We don’t live in a theocracy, and we can’t impose our will on a government (but write them or call them if you feel so moved), but we can do what we can do.
The widow, the orphan and the stranger all have a special place in the heart of God. We want his heart—and we want their good. We respect public policy—and acknowledge it is a complex task to get it right. But as Christians we don’t have to choose between security and love...
There's also a "Write Your Government Officials" button in the margin of the post.
At first glance, the ANCA seems to be taking a slower, more contemplative approach. I think that ultimately those prayers will turn to action, but we should honor this call to prayer and wait for God to grant wisdom in their next steps.
Seventh-day Adventist Church (adventist.org)
I did't find a response or post on their website regarding the President's Executive Order, but I do find countless places where refugee care is part of their work. In fact their "Adventist Refugee & Immigrant Ministries" work seems really thorough. For now, I think you can say they are in, but I'll check back soon to see if any formal responses.
Church of the Nazarene (nazarene.org)
Yep, easy to find statement right there on the homepage.
They are clearly not for the President's Executive Order and state...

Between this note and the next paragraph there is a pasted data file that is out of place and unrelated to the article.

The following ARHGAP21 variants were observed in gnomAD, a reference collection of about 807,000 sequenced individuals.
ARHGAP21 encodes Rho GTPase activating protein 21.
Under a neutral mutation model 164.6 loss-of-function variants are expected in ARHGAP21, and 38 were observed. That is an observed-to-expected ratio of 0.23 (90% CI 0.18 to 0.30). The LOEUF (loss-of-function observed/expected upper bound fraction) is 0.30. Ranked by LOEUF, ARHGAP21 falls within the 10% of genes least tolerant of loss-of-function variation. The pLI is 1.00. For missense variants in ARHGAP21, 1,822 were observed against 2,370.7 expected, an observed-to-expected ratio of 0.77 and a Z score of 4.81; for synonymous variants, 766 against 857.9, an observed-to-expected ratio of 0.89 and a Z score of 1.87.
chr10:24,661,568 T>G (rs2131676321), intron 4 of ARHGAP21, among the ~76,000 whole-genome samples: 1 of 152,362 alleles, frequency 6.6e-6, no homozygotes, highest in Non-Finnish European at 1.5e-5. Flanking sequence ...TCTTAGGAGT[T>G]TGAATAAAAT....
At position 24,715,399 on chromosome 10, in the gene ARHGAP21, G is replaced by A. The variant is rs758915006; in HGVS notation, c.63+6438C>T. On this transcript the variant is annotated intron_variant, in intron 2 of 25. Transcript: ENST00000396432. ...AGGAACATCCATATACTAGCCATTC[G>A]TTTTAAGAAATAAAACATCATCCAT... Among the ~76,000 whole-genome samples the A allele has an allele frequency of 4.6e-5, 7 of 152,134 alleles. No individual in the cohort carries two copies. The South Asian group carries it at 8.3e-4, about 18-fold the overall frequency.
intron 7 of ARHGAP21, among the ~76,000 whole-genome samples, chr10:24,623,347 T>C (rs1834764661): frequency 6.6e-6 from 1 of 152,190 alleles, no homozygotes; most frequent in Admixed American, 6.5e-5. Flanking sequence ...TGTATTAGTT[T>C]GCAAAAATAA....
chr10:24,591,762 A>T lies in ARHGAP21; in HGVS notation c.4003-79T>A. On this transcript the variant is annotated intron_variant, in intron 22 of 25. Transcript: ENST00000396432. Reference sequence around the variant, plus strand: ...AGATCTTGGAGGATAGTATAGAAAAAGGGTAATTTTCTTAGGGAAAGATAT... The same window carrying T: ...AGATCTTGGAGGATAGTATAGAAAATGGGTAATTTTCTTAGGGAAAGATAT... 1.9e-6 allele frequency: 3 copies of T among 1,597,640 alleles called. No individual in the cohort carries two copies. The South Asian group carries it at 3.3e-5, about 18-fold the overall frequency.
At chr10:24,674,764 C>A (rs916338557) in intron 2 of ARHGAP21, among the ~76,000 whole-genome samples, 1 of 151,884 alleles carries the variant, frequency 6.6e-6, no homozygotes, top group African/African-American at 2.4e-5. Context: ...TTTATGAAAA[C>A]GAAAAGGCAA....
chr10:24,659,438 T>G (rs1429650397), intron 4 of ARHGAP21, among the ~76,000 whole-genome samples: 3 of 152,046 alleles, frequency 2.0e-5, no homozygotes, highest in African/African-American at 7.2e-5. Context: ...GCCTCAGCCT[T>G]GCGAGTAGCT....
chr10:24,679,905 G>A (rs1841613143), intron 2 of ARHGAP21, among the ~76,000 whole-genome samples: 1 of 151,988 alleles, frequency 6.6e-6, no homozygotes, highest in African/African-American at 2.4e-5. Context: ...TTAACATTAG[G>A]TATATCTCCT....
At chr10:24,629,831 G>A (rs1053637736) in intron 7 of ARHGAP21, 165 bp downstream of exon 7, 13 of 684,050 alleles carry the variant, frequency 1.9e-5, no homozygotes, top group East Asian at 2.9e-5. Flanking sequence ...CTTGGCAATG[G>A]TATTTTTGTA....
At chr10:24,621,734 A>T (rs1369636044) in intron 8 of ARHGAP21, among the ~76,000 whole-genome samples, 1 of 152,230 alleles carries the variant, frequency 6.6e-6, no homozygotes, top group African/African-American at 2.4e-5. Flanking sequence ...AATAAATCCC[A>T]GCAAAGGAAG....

In light of recent executive orders issued in the United States and decisions by other world governments regarding the status of refugees, the Board of General Superintendents for the Church of the Nazarene urges governments everywhere to quickly put into place systems whereby eligible and legitimate refugees can find refuge and safety in our countries. Further, we urge the President of the United States, Congress, and other state departments to make this temporary order a matter of urgency so that the United States may continue to be known as a nation of compassion and hospitality to those who are oppressed, vulnerable, and marginalized.
...and then they go on to reiterate a statement from November 2015 where they spoke about before about caring for refugees and immigrants.
Seems clear where they stand.
If you have hung in there long enough to reach this point, thank you. It's a lot to digest. I would encourage you to take some time to read all of these posts/positions for yourself, and then let me know what you find.
I have some observations, but I'll share those in a later post. Until then, thanks for hanging in there. I hope this helps as you navigate through these issues in the context of your own community (and maybe go to your church's website to see what they posted).
Grace & peace,
(& if you didn't find your denomination in here, chances are you are in a church that came out of one of these faith traditions. Dig in, figure that out, and then see how that aligns with where your church is today.)